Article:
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Representational image of the pious Saint Drogo. Source: nsit0108 / Adobe Stock

Saint Drogo was the Bilocating Patron of the Unattractive

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Sometimes it really does seem that there is a saint for everything. For among the vast pantheon of saints stands Saint Drogo, a 12th-century Flemish nobleman who, after experiencing an inexplicable physical deformity, has become the unexpected patron for the unattractive. The tale of Saint Drogo sheds light on the diverse and sometimes unusual roles that saints play in the spiritual landscape.

By piecing together historical records and Christian hagiography, it is believed that Drogo—also known as Druon, Dreux or Drogon—was born to a wealthy family in 1105 in Epinoy, Flanders. Tradition holds that his mother died in childbirth and that the young Drogo was riddled with guilt, leading to a life of religious penance.

As a result, Drogo donated his possessions to the poor and left his home to become a shepherd in Sebourg, France. Legend has it that Drogo was able to bilocate, a term used to describe the ability to be in two places at the same time. In Drogo’s case, he was often seen tending to his flock and attending Mass at the same time.

In later life, Drogo took to the road as a pilgrim, supposedly visiting Rome as many as nine times to pay homage at the tombs of Saints Peter and Paul. Described as a handsome and virtuous young man, Drogo's life took an unexpected turn after a particular pilgrimage to Rome. Some accounts claim that during his journey, he was afflicted with a hernia that led to a profound physical disfigurement.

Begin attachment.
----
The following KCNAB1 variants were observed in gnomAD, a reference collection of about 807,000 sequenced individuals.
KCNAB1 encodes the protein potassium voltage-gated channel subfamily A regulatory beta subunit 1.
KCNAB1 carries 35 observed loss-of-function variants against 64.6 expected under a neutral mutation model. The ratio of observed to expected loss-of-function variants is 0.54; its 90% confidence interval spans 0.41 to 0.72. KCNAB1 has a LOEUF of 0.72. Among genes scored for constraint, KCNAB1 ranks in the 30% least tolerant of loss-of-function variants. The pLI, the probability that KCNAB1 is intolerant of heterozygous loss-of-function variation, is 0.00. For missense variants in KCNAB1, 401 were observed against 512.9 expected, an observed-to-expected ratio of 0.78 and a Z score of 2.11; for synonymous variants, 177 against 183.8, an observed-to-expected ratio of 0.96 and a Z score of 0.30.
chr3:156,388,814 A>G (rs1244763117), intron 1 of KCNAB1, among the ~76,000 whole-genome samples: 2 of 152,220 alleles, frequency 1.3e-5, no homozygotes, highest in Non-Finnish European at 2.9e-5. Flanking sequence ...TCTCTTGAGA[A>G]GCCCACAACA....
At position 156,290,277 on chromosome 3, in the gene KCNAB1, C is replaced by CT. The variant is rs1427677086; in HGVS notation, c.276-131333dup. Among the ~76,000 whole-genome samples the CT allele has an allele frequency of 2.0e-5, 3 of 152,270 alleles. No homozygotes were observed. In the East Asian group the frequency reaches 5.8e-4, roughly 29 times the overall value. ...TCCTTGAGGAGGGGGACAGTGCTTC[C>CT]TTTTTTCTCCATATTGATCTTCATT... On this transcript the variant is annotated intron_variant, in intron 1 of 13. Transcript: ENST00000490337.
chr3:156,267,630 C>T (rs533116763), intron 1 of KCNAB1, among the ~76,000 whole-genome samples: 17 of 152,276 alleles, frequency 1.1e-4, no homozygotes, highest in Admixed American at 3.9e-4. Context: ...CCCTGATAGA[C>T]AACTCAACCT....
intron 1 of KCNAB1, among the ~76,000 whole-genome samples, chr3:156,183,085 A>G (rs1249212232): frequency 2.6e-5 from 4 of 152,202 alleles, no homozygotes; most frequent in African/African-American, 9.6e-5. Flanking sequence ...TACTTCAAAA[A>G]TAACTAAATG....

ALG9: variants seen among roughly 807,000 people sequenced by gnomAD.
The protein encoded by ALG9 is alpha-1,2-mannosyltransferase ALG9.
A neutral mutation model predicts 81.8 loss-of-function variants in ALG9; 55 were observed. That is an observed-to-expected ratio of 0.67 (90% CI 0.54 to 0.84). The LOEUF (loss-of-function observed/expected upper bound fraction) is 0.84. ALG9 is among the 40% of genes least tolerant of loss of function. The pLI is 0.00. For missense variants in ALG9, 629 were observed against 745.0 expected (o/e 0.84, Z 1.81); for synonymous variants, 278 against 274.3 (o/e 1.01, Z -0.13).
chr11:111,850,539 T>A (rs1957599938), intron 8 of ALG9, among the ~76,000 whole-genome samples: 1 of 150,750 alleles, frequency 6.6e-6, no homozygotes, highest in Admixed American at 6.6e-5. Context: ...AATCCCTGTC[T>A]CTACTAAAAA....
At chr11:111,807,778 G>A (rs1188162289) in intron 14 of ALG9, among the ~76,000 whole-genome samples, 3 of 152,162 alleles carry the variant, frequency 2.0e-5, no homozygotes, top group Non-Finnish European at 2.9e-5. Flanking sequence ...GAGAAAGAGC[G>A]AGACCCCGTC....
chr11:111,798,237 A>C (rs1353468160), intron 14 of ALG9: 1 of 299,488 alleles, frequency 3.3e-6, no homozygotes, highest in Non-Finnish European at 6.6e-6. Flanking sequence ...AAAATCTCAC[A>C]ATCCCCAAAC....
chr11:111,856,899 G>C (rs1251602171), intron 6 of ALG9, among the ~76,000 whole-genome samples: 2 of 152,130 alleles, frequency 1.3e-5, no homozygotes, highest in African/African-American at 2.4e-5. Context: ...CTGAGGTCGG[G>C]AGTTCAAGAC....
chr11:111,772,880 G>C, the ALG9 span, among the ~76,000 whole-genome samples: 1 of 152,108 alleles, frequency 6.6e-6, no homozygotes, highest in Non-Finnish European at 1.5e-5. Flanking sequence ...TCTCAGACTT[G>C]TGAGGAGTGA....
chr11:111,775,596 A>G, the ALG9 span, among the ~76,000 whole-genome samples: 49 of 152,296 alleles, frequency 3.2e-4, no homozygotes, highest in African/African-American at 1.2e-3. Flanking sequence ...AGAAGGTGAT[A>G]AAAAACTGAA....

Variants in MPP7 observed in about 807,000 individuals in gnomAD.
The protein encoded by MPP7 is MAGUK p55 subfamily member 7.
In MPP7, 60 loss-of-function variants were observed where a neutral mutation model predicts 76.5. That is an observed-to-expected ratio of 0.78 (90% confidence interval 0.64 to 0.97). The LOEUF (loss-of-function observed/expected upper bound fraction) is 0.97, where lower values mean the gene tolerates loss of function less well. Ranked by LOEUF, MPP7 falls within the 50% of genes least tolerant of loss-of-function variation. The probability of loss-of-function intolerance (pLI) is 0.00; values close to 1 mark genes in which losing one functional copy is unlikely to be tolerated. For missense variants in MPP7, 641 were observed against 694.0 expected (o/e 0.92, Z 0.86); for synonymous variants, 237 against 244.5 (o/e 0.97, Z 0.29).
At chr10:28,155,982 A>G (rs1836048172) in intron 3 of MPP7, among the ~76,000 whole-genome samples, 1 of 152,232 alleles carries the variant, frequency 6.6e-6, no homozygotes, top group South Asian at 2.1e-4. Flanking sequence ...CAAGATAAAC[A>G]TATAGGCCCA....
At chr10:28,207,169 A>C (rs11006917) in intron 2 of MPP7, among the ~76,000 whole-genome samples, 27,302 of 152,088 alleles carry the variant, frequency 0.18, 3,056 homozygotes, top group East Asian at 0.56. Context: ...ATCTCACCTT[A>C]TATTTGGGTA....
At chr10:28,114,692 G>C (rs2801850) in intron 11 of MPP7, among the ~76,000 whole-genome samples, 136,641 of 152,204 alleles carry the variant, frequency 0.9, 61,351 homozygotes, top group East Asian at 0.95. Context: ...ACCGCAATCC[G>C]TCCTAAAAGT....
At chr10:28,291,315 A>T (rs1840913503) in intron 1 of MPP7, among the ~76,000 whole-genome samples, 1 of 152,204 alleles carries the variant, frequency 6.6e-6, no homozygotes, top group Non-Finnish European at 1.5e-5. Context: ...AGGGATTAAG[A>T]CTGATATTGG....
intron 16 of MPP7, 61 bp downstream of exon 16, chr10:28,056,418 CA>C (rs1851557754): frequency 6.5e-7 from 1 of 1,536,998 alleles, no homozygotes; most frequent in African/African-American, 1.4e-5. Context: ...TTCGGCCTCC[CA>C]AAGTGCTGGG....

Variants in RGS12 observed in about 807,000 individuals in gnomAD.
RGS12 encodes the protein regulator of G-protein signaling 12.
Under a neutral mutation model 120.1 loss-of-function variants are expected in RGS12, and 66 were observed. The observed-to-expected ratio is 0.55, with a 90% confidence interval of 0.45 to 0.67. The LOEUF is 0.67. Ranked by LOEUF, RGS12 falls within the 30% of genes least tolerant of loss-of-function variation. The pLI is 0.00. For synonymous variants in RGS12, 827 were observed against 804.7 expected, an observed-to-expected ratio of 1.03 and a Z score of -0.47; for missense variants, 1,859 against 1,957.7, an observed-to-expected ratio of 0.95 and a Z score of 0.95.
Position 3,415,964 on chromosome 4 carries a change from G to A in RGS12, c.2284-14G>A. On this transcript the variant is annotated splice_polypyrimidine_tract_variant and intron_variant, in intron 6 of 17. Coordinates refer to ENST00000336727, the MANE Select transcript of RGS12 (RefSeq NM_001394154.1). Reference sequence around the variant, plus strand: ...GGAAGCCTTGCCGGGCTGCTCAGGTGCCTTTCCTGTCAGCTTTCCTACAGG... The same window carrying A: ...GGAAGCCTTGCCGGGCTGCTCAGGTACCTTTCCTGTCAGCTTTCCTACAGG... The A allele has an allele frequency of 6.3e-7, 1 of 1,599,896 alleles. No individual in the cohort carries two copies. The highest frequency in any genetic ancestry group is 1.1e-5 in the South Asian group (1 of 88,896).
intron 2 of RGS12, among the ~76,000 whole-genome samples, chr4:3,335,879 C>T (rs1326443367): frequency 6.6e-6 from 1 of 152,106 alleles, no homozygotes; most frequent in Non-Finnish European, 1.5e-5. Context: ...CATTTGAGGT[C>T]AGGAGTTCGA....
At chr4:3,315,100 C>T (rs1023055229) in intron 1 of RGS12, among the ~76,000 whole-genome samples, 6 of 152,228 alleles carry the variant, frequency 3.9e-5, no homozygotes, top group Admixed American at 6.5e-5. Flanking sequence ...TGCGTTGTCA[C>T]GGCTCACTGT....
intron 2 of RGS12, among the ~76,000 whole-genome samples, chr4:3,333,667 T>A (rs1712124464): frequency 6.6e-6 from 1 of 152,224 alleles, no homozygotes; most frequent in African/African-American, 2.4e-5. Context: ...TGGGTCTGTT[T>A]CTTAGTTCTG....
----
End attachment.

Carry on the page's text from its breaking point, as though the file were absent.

The Anchorite by Teodor Axentowicz. (Public domain)

The Anchorite by Teodor Axentowicz. (Public domain)

Drogo returned to Sebourg to live as a hermit and is remembered as an Anchorite. In medieval times, anchorites were individuals who chose extreme religious seclusion. Opting for a life of solitude, they resided in small cells attached to churches, vowing to live in permanent enclosure and committed to solitary communion with God. These cells typically contained two windows—one for receiving necessities and another providing a view of religious services.

One story claims that when the church caught on fire, Drogo refused to leave his cell and continued praying. His survival was deemed a miracle and he went on to live into his eighties. Posthumously canonized in 1612, his feast day is celebrated on April 16th, commemorating his death in 1186 and recognizing his enduring legacy as an advocate for the marginalized.

Even today Saint Drogo is venerated as the patron not only of the unattractive, but also of orphans, shepherds, midwives and those suffering from sickness or mental illness. By some strange twist of fate, he has also come to be associated with coffee and coffee houses, though there is no documented connection on record.

Top image: Representational image of the pious Saint Drogo . Source: nsit0108 / Adobe Stock

By Cecilia Bogaard

 
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Cecilia

Cecilia Bogaard is one of the editors, researchers and writers on Ancient Origins. With an MA in Social Anthropology, and degree in Visual Communication (Photography), Cecilia has a passion for research, content creation and editing, especially as related to the... Read More

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